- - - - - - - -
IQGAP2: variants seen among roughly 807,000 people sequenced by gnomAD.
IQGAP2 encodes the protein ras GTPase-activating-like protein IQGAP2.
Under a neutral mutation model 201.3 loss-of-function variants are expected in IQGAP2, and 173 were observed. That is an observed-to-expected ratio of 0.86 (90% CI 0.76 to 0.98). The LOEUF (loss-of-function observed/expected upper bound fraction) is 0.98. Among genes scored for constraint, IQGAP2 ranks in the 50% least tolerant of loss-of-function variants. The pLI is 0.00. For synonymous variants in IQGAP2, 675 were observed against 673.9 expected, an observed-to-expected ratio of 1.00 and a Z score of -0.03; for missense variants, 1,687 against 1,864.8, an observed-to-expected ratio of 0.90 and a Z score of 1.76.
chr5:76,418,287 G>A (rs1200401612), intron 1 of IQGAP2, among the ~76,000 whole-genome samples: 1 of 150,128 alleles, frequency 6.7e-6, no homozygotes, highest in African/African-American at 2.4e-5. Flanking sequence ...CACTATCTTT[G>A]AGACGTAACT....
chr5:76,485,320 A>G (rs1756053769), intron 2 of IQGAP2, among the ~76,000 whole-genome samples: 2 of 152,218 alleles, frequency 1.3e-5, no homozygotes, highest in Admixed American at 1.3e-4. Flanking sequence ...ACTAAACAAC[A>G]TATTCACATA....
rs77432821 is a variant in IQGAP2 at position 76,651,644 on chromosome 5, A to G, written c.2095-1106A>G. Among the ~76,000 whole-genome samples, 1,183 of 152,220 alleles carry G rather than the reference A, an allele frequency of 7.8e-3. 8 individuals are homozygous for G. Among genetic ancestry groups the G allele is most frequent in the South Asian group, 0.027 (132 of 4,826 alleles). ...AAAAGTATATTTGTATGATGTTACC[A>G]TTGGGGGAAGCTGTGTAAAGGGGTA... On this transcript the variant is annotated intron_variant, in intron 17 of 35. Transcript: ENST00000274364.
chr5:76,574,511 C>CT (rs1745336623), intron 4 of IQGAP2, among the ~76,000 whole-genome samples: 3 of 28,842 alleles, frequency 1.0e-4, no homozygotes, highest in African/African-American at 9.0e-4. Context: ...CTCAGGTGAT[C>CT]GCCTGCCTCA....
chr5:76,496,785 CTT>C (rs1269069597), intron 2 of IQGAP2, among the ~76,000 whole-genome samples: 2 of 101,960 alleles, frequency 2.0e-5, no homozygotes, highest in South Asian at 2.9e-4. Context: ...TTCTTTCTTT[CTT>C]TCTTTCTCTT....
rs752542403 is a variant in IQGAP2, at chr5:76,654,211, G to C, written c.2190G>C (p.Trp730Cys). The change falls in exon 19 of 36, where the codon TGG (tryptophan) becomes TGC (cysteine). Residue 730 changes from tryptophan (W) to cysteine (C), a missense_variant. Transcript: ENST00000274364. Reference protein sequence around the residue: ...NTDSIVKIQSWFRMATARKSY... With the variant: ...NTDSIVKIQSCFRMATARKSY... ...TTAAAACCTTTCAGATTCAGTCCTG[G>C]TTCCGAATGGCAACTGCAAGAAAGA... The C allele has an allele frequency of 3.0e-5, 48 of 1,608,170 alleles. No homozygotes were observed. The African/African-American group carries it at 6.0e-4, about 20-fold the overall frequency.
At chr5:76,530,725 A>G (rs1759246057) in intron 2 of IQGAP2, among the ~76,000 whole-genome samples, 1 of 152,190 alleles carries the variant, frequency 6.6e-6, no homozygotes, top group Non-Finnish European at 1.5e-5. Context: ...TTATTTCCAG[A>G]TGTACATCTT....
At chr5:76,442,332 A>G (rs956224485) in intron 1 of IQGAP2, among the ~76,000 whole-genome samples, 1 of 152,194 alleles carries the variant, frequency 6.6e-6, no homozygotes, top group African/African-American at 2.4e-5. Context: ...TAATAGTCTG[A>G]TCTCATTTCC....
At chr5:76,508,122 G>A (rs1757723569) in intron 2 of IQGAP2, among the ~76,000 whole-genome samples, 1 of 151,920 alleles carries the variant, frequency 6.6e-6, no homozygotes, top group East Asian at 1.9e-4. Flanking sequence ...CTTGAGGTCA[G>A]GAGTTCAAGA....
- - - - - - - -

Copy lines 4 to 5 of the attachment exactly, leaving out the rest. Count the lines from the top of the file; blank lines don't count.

chr5:76,418,287 G>A (rs1200401612), intron 1 of IQGAP2, among the ~76,000 whole-genome samples: 1 of 150,128 alleles, frequency 6.7e-6, no homozygotes, highest in African/African-American at 2.4e-5. Flanking sequence ...CACTATCTTT[G>A]AGACGTAACT....
chr5:76,485,320 A>G (rs1756053769), intron 2 of IQGAP2, among the ~76,000 whole-genome samples: 2 of 152,218 alleles, frequency 1.3e-5, no homozygotes, highest in Admixed American at 1.3e-4. Flanking sequence ...ACTAAACAAC[A>G]TATTCACATA....